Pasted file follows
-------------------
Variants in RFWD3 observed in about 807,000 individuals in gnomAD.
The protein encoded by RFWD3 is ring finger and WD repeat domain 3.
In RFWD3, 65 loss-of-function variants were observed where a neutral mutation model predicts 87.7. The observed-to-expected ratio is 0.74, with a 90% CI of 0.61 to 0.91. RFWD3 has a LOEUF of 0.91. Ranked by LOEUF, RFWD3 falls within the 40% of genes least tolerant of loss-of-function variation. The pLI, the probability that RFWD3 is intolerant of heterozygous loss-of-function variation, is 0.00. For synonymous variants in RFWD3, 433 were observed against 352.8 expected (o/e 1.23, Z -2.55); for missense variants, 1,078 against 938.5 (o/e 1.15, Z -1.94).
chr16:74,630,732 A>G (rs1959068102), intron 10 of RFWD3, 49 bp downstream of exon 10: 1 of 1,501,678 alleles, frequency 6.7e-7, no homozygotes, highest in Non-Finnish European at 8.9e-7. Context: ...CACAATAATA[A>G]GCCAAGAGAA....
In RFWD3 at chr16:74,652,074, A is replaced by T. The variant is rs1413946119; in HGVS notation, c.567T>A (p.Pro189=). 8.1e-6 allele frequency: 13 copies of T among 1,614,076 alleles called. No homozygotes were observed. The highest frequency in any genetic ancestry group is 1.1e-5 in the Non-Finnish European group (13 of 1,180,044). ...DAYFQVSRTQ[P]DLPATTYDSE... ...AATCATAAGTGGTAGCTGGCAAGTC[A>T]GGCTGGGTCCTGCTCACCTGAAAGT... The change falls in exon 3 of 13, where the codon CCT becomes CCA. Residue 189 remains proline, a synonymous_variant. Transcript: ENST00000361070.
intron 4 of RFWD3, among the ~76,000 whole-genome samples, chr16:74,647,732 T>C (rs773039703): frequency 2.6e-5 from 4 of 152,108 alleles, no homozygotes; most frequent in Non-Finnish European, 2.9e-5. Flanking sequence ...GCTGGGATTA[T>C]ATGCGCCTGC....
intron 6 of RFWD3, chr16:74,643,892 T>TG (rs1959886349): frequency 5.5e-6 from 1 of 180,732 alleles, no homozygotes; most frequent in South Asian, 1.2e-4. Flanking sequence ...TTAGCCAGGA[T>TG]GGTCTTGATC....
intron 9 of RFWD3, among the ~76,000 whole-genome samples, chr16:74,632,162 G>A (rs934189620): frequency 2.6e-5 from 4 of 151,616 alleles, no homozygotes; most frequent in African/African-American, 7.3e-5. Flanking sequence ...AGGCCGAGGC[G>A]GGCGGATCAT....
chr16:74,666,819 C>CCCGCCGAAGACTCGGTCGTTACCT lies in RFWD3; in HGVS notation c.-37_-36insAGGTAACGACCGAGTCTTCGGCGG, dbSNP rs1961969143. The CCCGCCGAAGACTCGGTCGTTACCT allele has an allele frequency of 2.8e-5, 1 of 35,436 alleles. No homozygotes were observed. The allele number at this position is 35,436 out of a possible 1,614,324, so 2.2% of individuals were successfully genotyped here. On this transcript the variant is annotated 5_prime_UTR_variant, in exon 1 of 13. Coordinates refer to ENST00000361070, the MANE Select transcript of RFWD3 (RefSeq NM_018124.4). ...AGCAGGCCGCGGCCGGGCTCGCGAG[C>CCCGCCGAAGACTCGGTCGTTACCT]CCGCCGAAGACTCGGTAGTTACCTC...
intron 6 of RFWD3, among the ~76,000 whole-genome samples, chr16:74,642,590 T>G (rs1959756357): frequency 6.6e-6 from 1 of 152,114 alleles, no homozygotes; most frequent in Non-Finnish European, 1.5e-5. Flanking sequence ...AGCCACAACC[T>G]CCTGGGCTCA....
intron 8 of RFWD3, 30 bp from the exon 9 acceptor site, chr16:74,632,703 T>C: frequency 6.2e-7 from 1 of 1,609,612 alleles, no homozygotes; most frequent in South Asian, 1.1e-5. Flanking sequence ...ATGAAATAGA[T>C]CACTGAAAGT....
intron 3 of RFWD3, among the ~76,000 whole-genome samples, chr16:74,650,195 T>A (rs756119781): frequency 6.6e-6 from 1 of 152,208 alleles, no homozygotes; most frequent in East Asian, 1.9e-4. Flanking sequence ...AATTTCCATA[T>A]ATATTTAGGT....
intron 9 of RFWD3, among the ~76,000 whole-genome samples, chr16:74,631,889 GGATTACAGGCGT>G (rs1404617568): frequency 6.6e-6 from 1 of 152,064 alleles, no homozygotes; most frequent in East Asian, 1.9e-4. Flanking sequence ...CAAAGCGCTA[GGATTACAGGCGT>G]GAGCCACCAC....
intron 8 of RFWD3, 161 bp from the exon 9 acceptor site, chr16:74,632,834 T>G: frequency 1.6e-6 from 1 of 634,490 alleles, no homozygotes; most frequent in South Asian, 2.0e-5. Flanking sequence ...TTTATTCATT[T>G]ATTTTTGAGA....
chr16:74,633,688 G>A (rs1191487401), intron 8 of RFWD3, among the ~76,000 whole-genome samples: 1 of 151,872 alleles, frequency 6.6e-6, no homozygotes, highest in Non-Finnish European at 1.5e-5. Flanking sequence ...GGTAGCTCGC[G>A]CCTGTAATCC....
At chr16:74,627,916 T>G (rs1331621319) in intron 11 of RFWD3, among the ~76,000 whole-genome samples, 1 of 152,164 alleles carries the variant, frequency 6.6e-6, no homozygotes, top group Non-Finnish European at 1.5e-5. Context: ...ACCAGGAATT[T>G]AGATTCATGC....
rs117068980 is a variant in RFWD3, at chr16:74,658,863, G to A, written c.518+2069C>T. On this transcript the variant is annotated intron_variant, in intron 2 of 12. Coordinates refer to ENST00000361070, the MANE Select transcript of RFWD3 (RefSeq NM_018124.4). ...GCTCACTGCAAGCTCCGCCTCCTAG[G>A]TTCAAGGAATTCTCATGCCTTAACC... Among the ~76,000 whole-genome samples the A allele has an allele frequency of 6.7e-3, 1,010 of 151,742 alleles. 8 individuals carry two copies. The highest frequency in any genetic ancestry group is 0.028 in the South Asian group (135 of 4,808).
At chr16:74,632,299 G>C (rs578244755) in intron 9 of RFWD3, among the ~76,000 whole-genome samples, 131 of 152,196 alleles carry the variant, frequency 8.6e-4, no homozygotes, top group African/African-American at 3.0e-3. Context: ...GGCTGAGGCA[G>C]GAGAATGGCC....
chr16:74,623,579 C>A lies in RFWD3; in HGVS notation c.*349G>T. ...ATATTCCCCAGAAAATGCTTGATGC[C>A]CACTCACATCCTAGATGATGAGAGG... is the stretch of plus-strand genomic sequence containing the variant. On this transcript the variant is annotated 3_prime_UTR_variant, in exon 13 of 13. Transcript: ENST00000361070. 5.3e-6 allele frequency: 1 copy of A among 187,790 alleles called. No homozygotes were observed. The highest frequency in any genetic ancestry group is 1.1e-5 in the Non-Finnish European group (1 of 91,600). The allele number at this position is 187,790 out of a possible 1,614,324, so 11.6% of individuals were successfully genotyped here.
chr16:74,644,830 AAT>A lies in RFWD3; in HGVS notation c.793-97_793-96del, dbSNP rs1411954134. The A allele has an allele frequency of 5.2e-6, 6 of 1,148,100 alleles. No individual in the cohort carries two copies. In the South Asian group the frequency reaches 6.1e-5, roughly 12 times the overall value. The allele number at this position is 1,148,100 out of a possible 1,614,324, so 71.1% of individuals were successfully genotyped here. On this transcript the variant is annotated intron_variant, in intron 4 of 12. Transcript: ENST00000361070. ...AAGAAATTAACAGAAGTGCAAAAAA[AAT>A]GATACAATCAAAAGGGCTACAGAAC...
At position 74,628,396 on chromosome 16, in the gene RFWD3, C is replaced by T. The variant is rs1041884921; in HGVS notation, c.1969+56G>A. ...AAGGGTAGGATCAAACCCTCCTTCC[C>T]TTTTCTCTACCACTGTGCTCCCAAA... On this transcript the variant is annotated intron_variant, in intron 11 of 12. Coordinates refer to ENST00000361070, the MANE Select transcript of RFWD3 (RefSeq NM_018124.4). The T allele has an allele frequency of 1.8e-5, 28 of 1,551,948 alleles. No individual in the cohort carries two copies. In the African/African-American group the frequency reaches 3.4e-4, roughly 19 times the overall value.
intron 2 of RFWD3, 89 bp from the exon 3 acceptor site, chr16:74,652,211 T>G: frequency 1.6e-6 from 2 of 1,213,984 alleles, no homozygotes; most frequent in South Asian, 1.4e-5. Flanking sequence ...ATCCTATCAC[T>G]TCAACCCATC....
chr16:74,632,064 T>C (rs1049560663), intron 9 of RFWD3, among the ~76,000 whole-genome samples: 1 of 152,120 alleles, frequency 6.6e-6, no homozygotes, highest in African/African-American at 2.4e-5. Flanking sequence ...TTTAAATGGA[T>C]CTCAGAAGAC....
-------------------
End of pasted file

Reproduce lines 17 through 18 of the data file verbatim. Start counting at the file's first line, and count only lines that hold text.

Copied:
rs117068980 is a variant in RFWD3, at chr16:74,658,863, G to A, written c.518+2069C>T. On this transcript the variant is annotated intron_variant, in intron 2 of 12. Coordinates refer to ENST00000361070, the MANE Select transcript of RFWD3 (RefSeq NM_018124.4). ...GCTCACTGCAAGCTCCGCCTCCTAG[G>A]TTCAAGGAATTCTCATGCCTTAACC... Among the ~76,000 whole-genome samples the A allele has an allele frequency of 6.7e-3, 1,010 of 151,742 alleles. 8 individuals carry two copies. The highest frequency in any genetic ancestry group is 0.028 in the South Asian group (135 of 4,808).
At chr16:74,632,299 G>C (rs578244755) in intron 9 of RFWD3, among the ~76,000 whole-genome samples, 131 of 152,196 alleles carry the variant, frequency 8.6e-4, no homozygotes, top group African/African-American at 3.0e-3. Context: ...GGCTGAGGCA[G>C]GAGAATGGCC....